SIENA, Italy (Reuters) - Lawyers for Deutsche Bank (DBKGn.DE) met Italian prosecutors investigating loss-making trades at Italian bank Monte dei Paschi (BMPS.MI) on Monday to avoid any risk of a seizure order, three sources with direct knowledge of the matter told Reuters.
A financial derivatives deal known as “Santorini” in 2008 between Deutsche Bank and Monte dei Paschi di Siena is one of three trades at the heart of a probe into alleged fraud at Italy’s third biggest lender.
The trades exacerbated a capital shortfall that last year forced Monte dei Paschi to request 4 billion euros ($5.2 billion) of state aid and brought it close to collapse.
Prosecutors in Siena last week ordered the seizure of up to 1.95 billion euros from Japanese bank Nomura (8604.T), which carried out another derivatives deal, known as “Alexandria, with the Tuscan bank.
In the seizure warrant against Nomura, the Siena prosecutors describe the Alexandria and Santorini trades as “twin” operations.
“They (Deutsche Bank) are seeking a dialogue with the prosecutors given the similarities between Alexandria and Santorini,” one of the sources said.
“They want to avoid becoming the target of a seizure measure like the one for Nomura,” the source said.
Deutsche Bank declined to comment. The German bank has rejected any suggestion of wrongdoing, saying that the Santorini deal was subject to rigorous internal approval processes.
Like the Alexandria trade, the Santorini deal involved the purchase of around 2 billion euros of Italian government bonds by Monte dei Paschi financed through a long-term repurchase agreement with Deutsche Bank.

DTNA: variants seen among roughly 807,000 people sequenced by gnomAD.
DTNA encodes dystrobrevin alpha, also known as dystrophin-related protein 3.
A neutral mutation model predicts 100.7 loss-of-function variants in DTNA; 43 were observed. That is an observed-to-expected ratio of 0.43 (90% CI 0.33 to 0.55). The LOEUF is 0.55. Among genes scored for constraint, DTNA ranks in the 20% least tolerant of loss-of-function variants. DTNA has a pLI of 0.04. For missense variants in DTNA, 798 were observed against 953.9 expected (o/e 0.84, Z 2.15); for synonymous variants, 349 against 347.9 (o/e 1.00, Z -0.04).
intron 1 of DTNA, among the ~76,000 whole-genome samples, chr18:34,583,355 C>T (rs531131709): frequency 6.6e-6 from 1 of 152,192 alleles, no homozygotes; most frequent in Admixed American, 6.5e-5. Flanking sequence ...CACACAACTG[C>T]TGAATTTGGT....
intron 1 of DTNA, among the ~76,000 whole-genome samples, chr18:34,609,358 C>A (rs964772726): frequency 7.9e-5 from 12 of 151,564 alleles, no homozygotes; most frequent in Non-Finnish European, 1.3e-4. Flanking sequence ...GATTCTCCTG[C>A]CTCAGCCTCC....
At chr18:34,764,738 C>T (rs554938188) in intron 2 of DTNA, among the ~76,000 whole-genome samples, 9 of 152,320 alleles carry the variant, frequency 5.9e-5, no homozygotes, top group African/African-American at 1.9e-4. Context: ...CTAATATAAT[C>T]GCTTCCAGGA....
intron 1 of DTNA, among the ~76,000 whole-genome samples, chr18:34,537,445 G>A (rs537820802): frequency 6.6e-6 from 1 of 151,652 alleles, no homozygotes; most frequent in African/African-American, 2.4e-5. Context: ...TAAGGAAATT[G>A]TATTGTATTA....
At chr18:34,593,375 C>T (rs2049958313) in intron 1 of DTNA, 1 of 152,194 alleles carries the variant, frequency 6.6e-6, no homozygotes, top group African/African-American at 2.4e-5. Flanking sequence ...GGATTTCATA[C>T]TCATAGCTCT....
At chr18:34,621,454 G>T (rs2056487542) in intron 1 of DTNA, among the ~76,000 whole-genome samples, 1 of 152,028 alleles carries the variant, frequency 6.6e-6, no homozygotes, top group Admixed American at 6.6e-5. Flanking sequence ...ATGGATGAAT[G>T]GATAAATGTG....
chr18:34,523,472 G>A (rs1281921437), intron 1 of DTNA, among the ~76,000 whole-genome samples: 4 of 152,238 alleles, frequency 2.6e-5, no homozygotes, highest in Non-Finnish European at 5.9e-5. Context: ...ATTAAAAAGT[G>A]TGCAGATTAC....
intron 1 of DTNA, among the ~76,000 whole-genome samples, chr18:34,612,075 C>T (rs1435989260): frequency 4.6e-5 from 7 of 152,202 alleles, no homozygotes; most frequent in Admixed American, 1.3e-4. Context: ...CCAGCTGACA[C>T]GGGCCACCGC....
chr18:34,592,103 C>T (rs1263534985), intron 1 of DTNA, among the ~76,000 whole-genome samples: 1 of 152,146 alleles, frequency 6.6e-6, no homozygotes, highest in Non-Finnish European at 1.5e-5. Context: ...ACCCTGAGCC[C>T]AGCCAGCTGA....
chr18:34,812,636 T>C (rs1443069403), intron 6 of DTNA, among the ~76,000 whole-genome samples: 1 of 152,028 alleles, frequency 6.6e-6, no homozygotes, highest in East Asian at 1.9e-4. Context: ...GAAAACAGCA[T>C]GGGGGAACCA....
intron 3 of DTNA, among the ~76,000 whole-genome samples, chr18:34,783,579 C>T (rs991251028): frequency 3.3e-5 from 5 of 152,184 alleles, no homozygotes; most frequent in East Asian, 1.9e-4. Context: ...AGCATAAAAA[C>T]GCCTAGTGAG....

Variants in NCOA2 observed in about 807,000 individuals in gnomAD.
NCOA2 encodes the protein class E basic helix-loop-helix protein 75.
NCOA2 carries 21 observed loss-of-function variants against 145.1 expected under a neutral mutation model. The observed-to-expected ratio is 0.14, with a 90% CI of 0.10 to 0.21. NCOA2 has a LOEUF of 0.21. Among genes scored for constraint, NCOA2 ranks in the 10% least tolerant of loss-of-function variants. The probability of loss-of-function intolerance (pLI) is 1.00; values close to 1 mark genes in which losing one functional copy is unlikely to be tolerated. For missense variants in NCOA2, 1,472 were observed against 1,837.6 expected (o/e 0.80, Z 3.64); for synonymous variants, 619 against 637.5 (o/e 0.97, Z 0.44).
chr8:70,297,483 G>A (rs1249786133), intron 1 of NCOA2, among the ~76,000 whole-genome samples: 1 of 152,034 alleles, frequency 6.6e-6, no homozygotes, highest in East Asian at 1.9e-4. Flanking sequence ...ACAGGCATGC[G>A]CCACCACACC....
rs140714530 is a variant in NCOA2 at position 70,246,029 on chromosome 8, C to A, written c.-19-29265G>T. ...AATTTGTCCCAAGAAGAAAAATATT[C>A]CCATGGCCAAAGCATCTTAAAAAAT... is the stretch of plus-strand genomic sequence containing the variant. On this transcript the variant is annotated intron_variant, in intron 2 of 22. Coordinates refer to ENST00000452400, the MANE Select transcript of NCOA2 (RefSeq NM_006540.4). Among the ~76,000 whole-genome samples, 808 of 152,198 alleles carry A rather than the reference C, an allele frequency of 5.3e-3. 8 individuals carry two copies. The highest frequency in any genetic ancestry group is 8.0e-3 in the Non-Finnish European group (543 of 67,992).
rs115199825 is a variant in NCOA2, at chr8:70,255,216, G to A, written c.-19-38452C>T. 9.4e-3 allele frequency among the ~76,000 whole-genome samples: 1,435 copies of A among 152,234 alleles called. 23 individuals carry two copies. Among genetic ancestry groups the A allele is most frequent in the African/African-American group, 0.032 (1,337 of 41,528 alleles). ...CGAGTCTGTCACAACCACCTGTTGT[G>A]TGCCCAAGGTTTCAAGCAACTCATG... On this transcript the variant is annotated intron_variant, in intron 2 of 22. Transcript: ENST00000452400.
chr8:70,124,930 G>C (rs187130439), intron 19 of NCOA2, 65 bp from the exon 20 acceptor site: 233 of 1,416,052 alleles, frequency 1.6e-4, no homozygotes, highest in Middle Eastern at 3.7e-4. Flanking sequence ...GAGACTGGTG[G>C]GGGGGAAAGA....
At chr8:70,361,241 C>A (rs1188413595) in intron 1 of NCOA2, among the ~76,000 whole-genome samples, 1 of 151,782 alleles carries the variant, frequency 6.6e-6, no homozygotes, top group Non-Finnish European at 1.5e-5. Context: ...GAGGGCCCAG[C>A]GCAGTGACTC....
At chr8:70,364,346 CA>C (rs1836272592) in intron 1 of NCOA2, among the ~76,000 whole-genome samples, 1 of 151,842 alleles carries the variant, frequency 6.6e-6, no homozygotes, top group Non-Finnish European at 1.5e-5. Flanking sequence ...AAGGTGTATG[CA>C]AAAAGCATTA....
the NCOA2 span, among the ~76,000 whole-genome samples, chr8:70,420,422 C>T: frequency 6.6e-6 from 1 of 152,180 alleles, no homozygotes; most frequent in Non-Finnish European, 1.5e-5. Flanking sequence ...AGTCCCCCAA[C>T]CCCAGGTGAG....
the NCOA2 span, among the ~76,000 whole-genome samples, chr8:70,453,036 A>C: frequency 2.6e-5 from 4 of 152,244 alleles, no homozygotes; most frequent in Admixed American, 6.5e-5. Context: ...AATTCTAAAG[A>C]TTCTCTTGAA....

Both deals were done under Monte dei Paschi’s previous management to conceal losses, prosecutors say.
But as the value of the bonds guaranteeing the loans fell because of the euro zone crisis, the bets backfired and Monte dei Paschi was forced to put up more collateral with both banks.
In the case of the trade with Nomura, Monte dei Paschi had deposited 1.87 billion euros by way of collateral as of April 5, the prosecutors said in their seizure order, explaining their move with the need to stem losses at the Siena-based bank.
Asked whether the prosecutors could move against Deutsche Bank as they have done with Nomura, the source said this possibility “exists”.
The seizure order against Nomura, which must be ratified by a judge in the next few days, faces a series of legal hurdles. The Siena prosecutors first tried to freeze funds held by Nomura in Germany through Europe’s Target 2 interbank payment system, asking the Bundesbank to intervene.
But the German central bank declined to do anything and a source close to the ematter said it could not enforce any such seizure request without a ruling by a German court.
Writing by Silvia Aloisi; Editing by Greg Mahlich